Joining the gym is a popular resolve after the excesses of the festive period. It is a grand gesture – but one of the resolutions most likely to fall by the wayside by the end of January. There are a variety of reasons for this: going to the gym requires a change in behaviour that many of us just can’t maintain in the long term, plus we often don’t have the spare time to go once we’re back into the daily routine after the holidays. In fact, gym owners actually rely on us not maintaining our new exercise regime – that’s how they can keep prices low for everyone!
All resolutions are made with the best of intentions. Exercise keeps our bodies - and our minds - in tip-top condition, so anything we can do to increase the amount of exercise in our lives is to be applauded. However, rather than signing on the dotted line at the gym, the key to making this resolution stick is to keep things simple.
The Royal College of Psychiatrists believes that the mind can’t function properly if your body is not looked after – the reverse is also true. The state of your mind affects your body. So, if for whatever reason, you started the year with high hopes of exercising and it hasn’t quite materialised, don’t beat yourself up or you’ll end up in a vicious cycle of inactivity and low mood.
We’ve been looking at alternatives to the gym that will not only help keep your resolution alive, but also have a positive impact on your brain and your body!
The great outdoors
Outdoor exercising is not only free, but you’re more likely to stick at it. That’s because the preparation time is minimal and you’re less likely to get bored (indeed, your ‘gym’ can change according to your location and depending on your mood). You could also argue that you’ll burn more energy outside than in, due to the natural resistance provided by the wind and changing terrain.
Walking is a great way to kick start your outside exercising regime. It’s low risk and – research shows – can not only improve someone's daily positive emotions but also provide a non-pharmacological solution to serious conditions like depression.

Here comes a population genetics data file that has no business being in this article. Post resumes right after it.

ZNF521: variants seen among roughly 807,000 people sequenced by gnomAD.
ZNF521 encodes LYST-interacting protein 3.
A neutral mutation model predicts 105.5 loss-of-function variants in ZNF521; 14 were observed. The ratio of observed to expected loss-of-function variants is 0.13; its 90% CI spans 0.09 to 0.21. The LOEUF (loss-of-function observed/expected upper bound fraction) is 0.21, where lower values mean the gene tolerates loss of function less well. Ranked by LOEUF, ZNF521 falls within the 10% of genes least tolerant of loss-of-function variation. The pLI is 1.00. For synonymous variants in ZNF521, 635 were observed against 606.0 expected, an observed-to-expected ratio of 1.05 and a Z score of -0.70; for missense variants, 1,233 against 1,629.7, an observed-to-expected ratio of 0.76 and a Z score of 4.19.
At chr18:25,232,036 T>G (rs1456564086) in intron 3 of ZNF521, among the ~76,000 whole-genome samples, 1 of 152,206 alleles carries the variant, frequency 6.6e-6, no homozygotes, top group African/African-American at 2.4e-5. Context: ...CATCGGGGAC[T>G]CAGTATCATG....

Meditation in motion
There is evidence that shows that tai chi – the art of combining deep breathing and relaxation with slow and gentle movements – has value in treating and preventing many health problems. Originally developed as a martial art in 13th-century China, tai chi is today practised around the world as a health-promoting exercise. In fact Harvard described the practice as ‘medication in motion’.
If a formal class is not for you, it can be practised anywhere, at any time and you don’t need any equipment. This makes it an ideal addition to any exercise regime.
Say ‘yes’ to yoga
Yoga has its roots in Hindu spirituality. It involves breath control, simple meditation and the adoption of specific body postures and is widely practised for health and relaxation. Although it won’t count towards the 150 minutes of moderate activity recommended, it is an excellent way of strengthening your muscles which can help manage conditions such as arthritis and back pain.
If you’re new to yoga and would like to give it a try, do a bit of research on the type of class that would best suit your exercise needs and fitness abilities. For most beginners a hatha or vinyasa class will provide a good introduction.
Whatever activity you plump for, it’s important that you choose something you'll love – this is key to unlocking the mental benefits that exercise can deliver, alongside the physicsal benefits.
A recent study from a university in the Netherlands found that the more absorbed individuals were in their chosen activity, the greater satisfaction they felt. It is this satisfaction that leads to us keeping up with our activities – or not!
So, if you’re finding your resolution to take more exercise hard to bear, maybe it’s time to review the activities you’re doing, rather than the resolution you made on the 1st January.
Best of luck – and keep up the good work!